CSAM renews its commitment to work for women’s empowerment as it receives recognition for gender mainstreaming work

photoWomen’s empowerment and economic participation are fundamental to achieving the Sustainable Development Goals. This is particularly clear in the agriculture sector, as evidence shows that promoting gender equality and women’s empowerment in food systems will not just lead to better food security and nutrition at the household level, but also result in resilient and sustainable food systems overall. 

Inequity in women’s access to resources, which includes agricultural machinery and innovations, has resulted in a “gender yield gap” with women farmers achieving lower yields than male farmers. By integrating gender responsiveness in agriculture and food security programming, member States can ensure that both women and men farmers have better and equal access to productive resources which include agricultural technologies and mechanization. For this reason, it needs to be ensured that mechanization and innovation address gendered barriers in their design, dissemination, adoption, and scaling.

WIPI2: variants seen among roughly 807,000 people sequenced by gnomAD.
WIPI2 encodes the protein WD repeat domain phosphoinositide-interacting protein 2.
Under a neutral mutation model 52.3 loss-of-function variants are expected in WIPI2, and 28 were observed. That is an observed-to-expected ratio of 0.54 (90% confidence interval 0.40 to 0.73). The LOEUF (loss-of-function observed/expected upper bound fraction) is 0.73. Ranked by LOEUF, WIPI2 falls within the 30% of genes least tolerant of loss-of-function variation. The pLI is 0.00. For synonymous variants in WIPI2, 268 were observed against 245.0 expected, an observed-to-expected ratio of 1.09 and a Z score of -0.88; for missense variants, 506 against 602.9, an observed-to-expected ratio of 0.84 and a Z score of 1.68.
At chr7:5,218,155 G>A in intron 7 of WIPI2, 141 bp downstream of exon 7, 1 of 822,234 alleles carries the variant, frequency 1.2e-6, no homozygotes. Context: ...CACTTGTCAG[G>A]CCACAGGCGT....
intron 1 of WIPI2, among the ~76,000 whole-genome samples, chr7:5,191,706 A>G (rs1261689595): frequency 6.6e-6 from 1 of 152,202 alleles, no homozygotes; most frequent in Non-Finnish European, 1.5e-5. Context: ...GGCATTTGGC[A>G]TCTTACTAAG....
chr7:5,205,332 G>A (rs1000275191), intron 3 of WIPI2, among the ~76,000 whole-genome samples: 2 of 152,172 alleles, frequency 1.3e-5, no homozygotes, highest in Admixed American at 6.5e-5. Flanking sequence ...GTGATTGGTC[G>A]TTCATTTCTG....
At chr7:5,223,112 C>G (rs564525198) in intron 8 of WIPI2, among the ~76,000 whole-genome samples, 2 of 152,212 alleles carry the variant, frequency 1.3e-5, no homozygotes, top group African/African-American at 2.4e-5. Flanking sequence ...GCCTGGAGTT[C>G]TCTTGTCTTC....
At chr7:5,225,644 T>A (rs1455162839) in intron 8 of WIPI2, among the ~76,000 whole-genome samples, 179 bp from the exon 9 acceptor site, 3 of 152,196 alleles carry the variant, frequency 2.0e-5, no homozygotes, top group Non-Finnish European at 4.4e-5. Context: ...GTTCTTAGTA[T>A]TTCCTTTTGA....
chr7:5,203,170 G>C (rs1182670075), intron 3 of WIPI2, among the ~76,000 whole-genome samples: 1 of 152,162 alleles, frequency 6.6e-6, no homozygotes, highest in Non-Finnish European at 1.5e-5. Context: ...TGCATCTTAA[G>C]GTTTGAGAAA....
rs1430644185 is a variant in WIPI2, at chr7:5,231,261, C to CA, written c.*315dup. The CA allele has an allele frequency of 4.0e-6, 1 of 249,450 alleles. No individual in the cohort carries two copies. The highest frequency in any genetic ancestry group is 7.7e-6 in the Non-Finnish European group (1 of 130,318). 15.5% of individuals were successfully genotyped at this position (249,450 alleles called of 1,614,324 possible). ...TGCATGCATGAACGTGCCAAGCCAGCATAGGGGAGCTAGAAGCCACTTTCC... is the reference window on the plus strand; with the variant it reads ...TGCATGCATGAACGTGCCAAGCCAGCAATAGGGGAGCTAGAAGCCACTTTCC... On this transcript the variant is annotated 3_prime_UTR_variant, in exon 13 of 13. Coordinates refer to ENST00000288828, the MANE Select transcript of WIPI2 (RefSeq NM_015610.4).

CSAM in 2022 has taken steps to embed gender mainstreaming efforts into the full sphere of its activities spanning from design, implementation, monitoring and evaluation, and developed a focused set of training tools for its staff, while undertaking an update of its overall strategy. The CSAM Governing Council was also invited in 2022 to discuss the need for gender mainstreaming in the region’s agricultural mechanization sector, and mandated CSAM to further support the contribution of women farmers to food production. In recognition of these efforts, CSAM was featured in the ESCAP Progress Report on Gender Mainstreaming 2022 as a “gender champion” for significantly coordinating and advocating for the substantive mainstreaming of gender perspectives within its thematic area of work.

CSAM is committed to further improving its staff understanding of gender issues and building internal capacity to translate this into enhancing the Centre’s programmes. While increasing female agricultural workers’ access to machinery is surely a more immediate focus for CSAM to contribute to women’s empowerment, a long-term commitment to educate and inspire a new generation of women to become agricultural engineers would widely benefit the sustainable agricultural mechanization sector, the livelihood of women farmers, and the food security of the region. CSAM has started to prepare itself to support this transformation.